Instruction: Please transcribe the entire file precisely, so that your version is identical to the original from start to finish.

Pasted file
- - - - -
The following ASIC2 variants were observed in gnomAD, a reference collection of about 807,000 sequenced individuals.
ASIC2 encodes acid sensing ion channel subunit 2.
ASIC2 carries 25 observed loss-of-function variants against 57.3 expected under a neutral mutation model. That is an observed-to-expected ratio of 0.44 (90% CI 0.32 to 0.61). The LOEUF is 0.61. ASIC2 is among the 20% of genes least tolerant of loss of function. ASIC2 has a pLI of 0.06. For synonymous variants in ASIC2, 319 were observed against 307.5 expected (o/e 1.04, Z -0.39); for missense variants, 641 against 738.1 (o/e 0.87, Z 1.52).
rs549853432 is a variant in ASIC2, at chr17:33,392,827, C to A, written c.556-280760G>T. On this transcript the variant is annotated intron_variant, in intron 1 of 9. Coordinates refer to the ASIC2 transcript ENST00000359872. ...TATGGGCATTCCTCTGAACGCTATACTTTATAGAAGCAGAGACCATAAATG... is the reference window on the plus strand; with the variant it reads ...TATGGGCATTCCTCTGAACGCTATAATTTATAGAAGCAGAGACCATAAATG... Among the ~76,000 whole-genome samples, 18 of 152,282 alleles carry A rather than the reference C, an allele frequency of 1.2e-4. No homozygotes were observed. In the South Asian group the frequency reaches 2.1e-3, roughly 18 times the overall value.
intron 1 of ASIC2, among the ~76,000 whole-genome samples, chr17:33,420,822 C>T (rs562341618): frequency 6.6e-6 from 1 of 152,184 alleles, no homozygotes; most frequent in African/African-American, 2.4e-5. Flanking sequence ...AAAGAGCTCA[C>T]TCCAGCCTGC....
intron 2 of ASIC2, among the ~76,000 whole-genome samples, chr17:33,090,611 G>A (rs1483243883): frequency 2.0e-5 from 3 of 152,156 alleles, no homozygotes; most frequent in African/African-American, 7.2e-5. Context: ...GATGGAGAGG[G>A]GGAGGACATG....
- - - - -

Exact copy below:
The following ASIC2 variants were observed in gnomAD, a reference collection of about 807,000 sequenced individuals.
ASIC2 encodes acid sensing ion channel subunit 2.
ASIC2 carries 25 observed loss-of-function variants against 57.3 expected under a neutral mutation model. That is an observed-to-expected ratio of 0.44 (90% CI 0.32 to 0.61). The LOEUF is 0.61. ASIC2 is among the 20% of genes least tolerant of loss of function. ASIC2 has a pLI of 0.06. For synonymous variants in ASIC2, 319 were observed against 307.5 expected (o/e 1.04, Z -0.39); for missense variants, 641 against 738.1 (o/e 0.87, Z 1.52).
rs549853432 is a variant in ASIC2, at chr17:33,392,827, C to A, written c.556-280760G>T. On this transcript the variant is annotated intron_variant, in intron 1 of 9. Coordinates refer to the ASIC2 transcript ENST00000359872. ...TATGGGCATTCCTCTGAACGCTATACTTTATAGAAGCAGAGACCATAAATG... is the reference window on the plus strand; with the variant it reads ...TATGGGCATTCCTCTGAACGCTATAATTTATAGAAGCAGAGACCATAAATG... Among the ~76,000 whole-genome samples, 18 of 152,282 alleles carry A rather than the reference C, an allele frequency of 1.2e-4. No homozygotes were observed. In the South Asian group the frequency reaches 2.1e-3, roughly 18 times the overall value.
intron 1 of ASIC2, among the ~76,000 whole-genome samples, chr17:33,420,822 C>T (rs562341618): frequency 6.6e-6 from 1 of 152,184 alleles, no homozygotes; most frequent in African/African-American, 2.4e-5. Flanking sequence ...AAAGAGCTCA[C>T]TCCAGCCTGC....
intron 2 of ASIC2, among the ~76,000 whole-genome samples, chr17:33,090,611 G>A (rs1483243883): frequency 2.0e-5 from 3 of 152,156 alleles, no homozygotes; most frequent in African/African-American, 7.2e-5. Context: ...GATGGAGAGG[G>A]GGAGGACATG....